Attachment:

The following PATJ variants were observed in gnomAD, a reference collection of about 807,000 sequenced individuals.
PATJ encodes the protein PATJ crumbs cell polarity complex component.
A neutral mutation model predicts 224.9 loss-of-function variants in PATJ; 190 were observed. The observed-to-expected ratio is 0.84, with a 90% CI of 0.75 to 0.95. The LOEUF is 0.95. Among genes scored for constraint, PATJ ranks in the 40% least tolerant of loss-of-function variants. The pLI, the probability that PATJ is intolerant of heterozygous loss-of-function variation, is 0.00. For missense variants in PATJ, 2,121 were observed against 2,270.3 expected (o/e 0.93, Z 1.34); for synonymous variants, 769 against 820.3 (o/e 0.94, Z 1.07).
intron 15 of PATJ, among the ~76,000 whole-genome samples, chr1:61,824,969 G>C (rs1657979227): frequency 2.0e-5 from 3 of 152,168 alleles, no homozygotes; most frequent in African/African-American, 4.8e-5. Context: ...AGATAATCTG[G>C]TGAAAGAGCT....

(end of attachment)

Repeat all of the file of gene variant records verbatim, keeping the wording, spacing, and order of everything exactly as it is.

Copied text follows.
The following PATJ variants were observed in gnomAD, a reference collection of about 807,000 sequenced individuals.
PATJ encodes the protein PATJ crumbs cell polarity complex component.
A neutral mutation model predicts 224.9 loss-of-function variants in PATJ; 190 were observed. The observed-to-expected ratio is 0.84, with a 90% CI of 0.75 to 0.95. The LOEUF is 0.95. Among genes scored for constraint, PATJ ranks in the 40% least tolerant of loss-of-function variants. The pLI, the probability that PATJ is intolerant of heterozygous loss-of-function variation, is 0.00. For missense variants in PATJ, 2,121 were observed against 2,270.3 expected (o/e 0.93, Z 1.34); for synonymous variants, 769 against 820.3 (o/e 0.94, Z 1.07).
intron 15 of PATJ, among the ~76,000 whole-genome samples, chr1:61,824,969 G>C (rs1657979227): frequency 2.0e-5 from 3 of 152,168 alleles, no homozygotes; most frequent in African/African-American, 4.8e-5. Context: ...AGATAATCTG[G>C]TGAAAGAGCT....